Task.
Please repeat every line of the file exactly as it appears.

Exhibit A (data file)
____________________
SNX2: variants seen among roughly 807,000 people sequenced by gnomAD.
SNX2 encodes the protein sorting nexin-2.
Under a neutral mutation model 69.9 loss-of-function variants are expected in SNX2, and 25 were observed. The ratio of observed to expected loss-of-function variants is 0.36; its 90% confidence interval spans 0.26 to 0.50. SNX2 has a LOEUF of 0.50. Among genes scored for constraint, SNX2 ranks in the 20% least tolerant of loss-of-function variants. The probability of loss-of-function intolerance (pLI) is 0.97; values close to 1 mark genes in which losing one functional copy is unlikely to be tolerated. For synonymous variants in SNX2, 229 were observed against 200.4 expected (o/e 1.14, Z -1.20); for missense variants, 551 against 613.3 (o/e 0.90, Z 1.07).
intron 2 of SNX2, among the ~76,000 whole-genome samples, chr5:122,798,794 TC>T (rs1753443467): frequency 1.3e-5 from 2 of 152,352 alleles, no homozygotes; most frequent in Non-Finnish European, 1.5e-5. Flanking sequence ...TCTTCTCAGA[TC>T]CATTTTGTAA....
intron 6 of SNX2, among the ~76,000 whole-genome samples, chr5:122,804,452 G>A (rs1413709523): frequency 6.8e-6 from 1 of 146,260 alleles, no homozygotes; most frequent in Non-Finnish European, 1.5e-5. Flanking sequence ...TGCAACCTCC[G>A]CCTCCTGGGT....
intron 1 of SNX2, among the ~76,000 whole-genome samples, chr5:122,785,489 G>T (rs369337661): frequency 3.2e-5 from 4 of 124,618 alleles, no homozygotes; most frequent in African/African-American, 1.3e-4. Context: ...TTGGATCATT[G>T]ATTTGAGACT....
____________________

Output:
SNX2: variants seen among roughly 807,000 people sequenced by gnomAD.
SNX2 encodes the protein sorting nexin-2.
Under a neutral mutation model 69.9 loss-of-function variants are expected in SNX2, and 25 were observed. The ratio of observed to expected loss-of-function variants is 0.36; its 90% confidence interval spans 0.26 to 0.50. SNX2 has a LOEUF of 0.50. Among genes scored for constraint, SNX2 ranks in the 20% least tolerant of loss-of-function variants. The probability of loss-of-function intolerance (pLI) is 0.97; values close to 1 mark genes in which losing one functional copy is unlikely to be tolerated. For synonymous variants in SNX2, 229 were observed against 200.4 expected (o/e 1.14, Z -1.20); for missense variants, 551 against 613.3 (o/e 0.90, Z 1.07).
intron 2 of SNX2, among the ~76,000 whole-genome samples, chr5:122,798,794 TC>T (rs1753443467): frequency 1.3e-5 from 2 of 152,352 alleles, no homozygotes; most frequent in Non-Finnish European, 1.5e-5. Flanking sequence ...TCTTCTCAGA[TC>T]CATTTTGTAA....
intron 6 of SNX2, among the ~76,000 whole-genome samples, chr5:122,804,452 G>A (rs1413709523): frequency 6.8e-6 from 1 of 146,260 alleles, no homozygotes; most frequent in Non-Finnish European, 1.5e-5. Flanking sequence ...TGCAACCTCC[G>A]CCTCCTGGGT....
intron 1 of SNX2, among the ~76,000 whole-genome samples, chr5:122,785,489 G>T (rs369337661): frequency 3.2e-5 from 4 of 124,618 alleles, no homozygotes; most frequent in African/African-American, 1.3e-4. Context: ...TTGGATCATT[G>T]ATTTGAGACT....